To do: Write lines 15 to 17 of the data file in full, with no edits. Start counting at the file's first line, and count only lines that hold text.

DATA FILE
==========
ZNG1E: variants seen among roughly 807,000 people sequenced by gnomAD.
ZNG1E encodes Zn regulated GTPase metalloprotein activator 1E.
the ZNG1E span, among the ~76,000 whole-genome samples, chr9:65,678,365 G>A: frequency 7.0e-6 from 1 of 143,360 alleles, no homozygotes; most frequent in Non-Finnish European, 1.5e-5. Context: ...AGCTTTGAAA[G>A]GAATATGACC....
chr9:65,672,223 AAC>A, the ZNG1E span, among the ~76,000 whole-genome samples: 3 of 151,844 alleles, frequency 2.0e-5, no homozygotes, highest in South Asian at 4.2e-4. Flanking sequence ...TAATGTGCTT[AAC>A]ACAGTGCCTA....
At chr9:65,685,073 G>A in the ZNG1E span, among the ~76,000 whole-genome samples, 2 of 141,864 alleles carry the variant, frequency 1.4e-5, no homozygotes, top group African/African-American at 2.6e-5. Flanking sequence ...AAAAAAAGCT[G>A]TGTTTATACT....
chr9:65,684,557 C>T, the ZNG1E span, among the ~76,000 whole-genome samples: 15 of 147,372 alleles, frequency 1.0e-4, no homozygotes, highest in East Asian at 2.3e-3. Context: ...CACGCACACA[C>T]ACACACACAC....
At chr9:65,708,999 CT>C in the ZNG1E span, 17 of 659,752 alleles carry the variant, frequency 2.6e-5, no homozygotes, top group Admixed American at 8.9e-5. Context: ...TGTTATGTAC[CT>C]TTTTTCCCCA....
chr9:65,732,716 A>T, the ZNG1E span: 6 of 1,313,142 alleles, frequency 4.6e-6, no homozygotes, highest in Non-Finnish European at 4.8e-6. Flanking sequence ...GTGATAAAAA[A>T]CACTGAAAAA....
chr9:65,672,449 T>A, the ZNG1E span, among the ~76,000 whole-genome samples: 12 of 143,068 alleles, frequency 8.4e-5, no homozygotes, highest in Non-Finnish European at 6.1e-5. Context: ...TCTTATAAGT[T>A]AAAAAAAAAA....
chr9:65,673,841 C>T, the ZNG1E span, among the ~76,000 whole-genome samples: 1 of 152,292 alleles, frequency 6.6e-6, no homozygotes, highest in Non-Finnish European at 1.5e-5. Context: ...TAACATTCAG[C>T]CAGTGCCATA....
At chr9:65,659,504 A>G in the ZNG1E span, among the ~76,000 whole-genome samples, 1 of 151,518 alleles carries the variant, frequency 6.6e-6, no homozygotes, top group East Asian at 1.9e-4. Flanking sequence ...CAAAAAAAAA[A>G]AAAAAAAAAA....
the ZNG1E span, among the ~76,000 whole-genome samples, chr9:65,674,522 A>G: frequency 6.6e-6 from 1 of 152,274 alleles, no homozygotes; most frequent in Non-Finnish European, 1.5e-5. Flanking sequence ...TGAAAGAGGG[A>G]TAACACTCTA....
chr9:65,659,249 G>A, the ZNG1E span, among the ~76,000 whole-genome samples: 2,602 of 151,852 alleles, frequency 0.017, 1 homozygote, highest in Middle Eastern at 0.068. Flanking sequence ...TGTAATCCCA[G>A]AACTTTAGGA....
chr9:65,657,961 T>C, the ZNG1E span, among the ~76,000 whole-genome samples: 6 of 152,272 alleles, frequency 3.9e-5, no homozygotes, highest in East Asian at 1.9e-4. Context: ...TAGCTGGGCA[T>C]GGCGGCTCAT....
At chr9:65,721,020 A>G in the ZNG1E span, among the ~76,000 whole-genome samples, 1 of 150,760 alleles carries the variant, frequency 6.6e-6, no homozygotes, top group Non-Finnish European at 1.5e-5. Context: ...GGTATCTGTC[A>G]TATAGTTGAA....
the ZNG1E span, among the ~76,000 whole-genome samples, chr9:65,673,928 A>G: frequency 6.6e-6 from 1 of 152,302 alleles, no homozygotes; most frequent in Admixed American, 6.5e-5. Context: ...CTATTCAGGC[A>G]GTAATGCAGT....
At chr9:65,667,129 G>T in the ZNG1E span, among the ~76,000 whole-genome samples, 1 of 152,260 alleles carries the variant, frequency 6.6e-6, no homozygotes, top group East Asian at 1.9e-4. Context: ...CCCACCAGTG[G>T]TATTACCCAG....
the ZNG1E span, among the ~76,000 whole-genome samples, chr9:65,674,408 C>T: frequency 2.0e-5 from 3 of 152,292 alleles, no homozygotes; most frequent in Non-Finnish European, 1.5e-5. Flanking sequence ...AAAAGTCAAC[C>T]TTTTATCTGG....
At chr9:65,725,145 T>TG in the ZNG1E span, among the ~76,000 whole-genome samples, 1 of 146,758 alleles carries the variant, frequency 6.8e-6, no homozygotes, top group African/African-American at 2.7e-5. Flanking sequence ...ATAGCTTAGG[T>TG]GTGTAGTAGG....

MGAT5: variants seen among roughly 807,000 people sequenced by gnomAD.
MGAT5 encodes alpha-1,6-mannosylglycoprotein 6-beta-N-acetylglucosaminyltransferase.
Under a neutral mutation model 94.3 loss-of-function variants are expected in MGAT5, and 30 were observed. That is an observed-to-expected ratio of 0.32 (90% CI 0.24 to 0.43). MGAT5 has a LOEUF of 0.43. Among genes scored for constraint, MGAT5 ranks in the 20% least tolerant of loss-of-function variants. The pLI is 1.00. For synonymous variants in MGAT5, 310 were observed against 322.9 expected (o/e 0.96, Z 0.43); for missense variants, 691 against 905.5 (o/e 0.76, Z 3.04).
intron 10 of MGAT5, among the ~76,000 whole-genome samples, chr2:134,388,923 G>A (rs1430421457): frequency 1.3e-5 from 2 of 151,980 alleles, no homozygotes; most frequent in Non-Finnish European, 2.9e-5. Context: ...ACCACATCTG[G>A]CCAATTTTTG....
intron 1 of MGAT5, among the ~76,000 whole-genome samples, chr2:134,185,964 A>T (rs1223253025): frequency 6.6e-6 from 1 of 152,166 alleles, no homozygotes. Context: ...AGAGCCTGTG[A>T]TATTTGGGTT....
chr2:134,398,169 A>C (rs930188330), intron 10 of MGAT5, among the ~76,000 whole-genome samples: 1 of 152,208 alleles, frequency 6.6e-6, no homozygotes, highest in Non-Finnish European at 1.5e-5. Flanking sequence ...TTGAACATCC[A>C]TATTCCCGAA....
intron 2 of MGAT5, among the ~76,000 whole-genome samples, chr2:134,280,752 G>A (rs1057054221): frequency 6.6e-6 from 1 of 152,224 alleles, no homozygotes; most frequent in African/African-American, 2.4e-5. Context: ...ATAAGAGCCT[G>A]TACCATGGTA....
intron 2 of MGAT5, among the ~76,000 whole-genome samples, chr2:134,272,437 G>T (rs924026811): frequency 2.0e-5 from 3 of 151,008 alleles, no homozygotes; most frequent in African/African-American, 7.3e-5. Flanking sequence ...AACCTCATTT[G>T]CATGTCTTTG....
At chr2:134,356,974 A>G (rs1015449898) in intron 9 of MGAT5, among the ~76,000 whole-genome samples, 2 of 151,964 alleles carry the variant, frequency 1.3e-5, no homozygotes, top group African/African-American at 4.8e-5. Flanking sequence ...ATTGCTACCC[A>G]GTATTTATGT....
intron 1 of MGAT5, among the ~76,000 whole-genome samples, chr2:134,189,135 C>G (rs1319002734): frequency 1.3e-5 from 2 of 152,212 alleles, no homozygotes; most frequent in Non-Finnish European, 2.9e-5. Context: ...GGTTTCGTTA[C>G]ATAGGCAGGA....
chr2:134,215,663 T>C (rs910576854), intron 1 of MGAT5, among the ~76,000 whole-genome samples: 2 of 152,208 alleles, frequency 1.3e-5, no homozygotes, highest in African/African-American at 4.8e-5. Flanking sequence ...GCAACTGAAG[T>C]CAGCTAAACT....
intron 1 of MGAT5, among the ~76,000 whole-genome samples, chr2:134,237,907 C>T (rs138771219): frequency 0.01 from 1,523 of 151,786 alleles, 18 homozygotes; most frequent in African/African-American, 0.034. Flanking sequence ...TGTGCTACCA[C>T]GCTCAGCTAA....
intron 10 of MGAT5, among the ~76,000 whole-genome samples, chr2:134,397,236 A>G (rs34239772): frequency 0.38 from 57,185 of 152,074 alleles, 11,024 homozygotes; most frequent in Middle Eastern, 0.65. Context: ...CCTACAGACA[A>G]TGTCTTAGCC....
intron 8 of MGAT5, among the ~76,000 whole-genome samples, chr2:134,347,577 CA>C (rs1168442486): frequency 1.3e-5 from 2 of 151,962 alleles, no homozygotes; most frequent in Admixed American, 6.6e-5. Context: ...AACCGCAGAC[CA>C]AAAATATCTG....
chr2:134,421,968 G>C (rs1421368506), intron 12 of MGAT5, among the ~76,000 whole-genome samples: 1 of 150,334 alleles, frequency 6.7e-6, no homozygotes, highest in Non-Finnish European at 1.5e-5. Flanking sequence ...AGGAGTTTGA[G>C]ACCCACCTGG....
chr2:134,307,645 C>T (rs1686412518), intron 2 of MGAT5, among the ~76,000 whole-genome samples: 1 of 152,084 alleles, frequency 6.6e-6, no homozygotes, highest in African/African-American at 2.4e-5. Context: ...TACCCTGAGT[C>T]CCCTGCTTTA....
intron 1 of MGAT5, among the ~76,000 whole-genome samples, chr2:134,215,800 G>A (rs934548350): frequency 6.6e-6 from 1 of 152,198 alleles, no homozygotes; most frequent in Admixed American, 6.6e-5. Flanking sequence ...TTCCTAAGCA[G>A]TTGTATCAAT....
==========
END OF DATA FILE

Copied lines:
At chr9:65,721,020 A>G in the ZNG1E span, among the ~76,000 whole-genome samples, 1 of 150,760 alleles carries the variant, frequency 6.6e-6, no homozygotes, top group Non-Finnish European at 1.5e-5. Context: ...GGTATCTGTC[A>G]TATAGTTGAA....
the ZNG1E span, among the ~76,000 whole-genome samples, chr9:65,673,928 A>G: frequency 6.6e-6 from 1 of 152,302 alleles, no homozygotes; most frequent in Admixed American, 6.5e-5. Context: ...CTATTCAGGC[A>G]GTAATGCAGT....
At chr9:65,667,129 G>T in the ZNG1E span, among the ~76,000 whole-genome samples, 1 of 152,260 alleles carries the variant, frequency 6.6e-6, no homozygotes, top group East Asian at 1.9e-4. Context: ...CCCACCAGTG[G>T]TATTACCCAG....